ECOWAS holds off on troop deployment to The Gambia

West Africa leaders not ready to send soldiers as they negotiate with outgoing President Jammeh to relinquish power.

    Yahya Jammeh holds a copy of the Quran while speaking to a poll worker at a voting station [Thierry Gouegnon/Reuters]
    Yahya Jammeh holds a copy of the Quran while speaking to a poll worker at a voting station [Thierry Gouegnon/Reuters]

    West African leaders are still pursuing mediation to ensure a peaceful transfer of power in The Gambia where President Yahya Jammeh refused to accept defeat in an election last month.

    Liberia's president, Ellen Johnson Sirleaf, told reporters on Saturday, after a meeting among regional leaders in Ghana's capital, Accra, that regional bloc ECOWAS did not yet intend to deploy its standby military force in the country.

    "We are committed to a peaceful mediation and a peaceful transfer of power in The Gambia. We will continue to pursue that for now," said Sirleaf, who chairs the 15-member body.

    READ MORE: Gambians seek justice after a 22-year reign of terror

    Asked if the regional group would deploy a standby force soon, she said "no", adding that ECOWAS was closely monitoring proceedings in The Gambia's Supreme Court, where Jammeh is challenging the poll result.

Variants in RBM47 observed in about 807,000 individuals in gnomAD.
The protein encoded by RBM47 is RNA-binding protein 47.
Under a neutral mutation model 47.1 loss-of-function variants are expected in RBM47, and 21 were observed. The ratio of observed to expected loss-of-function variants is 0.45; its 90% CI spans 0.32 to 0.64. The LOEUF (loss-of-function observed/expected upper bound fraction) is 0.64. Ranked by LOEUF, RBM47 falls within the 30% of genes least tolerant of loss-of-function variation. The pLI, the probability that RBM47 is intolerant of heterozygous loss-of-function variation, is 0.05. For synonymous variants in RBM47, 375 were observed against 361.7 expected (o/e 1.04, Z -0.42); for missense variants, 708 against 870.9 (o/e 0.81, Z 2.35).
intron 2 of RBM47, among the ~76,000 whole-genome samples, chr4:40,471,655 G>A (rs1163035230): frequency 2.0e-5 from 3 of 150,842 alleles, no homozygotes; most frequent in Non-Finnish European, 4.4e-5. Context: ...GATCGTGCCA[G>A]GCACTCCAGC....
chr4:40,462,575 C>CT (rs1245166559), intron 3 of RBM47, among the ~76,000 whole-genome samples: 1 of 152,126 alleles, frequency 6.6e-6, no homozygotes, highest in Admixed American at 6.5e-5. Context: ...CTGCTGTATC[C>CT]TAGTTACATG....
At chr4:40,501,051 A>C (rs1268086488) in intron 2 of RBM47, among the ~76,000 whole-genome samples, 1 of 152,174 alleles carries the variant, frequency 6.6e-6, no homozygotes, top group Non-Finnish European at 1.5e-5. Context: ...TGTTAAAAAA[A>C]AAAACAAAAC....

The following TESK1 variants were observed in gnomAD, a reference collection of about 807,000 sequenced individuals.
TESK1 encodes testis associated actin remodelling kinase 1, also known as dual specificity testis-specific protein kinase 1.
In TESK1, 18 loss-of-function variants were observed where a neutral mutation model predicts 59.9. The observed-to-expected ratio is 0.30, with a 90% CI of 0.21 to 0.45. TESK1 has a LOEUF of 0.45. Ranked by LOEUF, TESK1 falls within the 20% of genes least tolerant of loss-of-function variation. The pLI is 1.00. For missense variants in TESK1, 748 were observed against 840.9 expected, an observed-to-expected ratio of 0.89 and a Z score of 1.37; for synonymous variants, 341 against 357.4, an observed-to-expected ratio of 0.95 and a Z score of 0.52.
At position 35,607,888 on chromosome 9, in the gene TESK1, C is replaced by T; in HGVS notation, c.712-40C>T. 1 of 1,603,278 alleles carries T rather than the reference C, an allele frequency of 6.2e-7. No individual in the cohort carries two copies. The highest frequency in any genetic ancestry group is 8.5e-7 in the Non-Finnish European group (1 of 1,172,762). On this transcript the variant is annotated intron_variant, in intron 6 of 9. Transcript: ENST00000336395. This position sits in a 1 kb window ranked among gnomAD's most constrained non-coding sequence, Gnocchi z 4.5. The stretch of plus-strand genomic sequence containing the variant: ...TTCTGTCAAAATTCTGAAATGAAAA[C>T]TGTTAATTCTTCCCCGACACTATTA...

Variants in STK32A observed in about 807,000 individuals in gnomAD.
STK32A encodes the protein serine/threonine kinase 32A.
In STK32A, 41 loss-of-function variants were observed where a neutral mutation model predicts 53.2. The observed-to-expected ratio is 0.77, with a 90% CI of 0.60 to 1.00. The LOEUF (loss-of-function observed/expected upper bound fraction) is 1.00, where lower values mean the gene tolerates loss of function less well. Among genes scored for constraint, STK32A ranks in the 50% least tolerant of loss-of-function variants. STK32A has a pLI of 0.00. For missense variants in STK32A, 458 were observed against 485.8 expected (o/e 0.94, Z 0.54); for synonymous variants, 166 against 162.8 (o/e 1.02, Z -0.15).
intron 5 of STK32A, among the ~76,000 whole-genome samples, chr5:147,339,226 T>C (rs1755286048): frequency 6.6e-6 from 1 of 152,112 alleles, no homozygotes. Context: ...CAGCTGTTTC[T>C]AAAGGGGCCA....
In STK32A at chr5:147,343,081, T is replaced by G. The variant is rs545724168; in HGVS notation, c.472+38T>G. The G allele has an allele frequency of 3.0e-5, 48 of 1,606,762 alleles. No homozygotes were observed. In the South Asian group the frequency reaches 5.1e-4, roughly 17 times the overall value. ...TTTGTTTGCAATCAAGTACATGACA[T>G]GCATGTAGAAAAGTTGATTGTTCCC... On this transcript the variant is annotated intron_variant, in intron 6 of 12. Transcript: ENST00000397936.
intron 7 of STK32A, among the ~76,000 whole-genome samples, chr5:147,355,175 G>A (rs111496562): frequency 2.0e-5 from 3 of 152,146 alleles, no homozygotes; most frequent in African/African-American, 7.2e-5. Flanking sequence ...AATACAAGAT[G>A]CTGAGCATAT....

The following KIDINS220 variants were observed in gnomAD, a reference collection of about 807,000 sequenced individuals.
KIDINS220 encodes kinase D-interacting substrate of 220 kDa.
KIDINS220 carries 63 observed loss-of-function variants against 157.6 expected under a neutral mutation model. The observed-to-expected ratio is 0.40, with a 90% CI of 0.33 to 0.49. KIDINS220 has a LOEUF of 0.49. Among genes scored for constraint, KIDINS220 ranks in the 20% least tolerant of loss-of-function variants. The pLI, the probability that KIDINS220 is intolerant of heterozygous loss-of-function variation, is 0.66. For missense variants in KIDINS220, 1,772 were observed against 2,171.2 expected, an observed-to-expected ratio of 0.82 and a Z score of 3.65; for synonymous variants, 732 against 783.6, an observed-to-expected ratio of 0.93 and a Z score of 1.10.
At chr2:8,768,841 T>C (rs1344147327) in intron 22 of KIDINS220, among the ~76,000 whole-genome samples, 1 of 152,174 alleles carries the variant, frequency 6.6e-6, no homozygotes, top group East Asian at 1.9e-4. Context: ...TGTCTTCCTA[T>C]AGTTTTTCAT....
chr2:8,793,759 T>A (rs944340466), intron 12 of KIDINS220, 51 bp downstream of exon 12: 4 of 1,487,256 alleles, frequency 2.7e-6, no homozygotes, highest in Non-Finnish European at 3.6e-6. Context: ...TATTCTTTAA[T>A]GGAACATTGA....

Nigerian foreign minister Geoffrey Onyeama said ECOWAS would hold a meeting on Monday in Abuja to discuss further steps.

    "There are some disturbing information the [Nigerian] president [Muhammadu Buhari] is hearing which he needs to verify and the Abuja meeting will take a final decision," he said, without elaborating.

    Buhari has been appointed by ECOWAS as a mediator.

    Jammeh, a former coup leader who has ruled the country for 22 years, initially accepted his defeat by opposition figure Adama Barrow in the December 1 election. But a week later, he reversed his position, vowing to hang onto power despite a wave of regional and international condemnation.

    Diplomats are concerned the impasse over the poll could escalate quickly into violence.

    SOURCE: Reuters news agency


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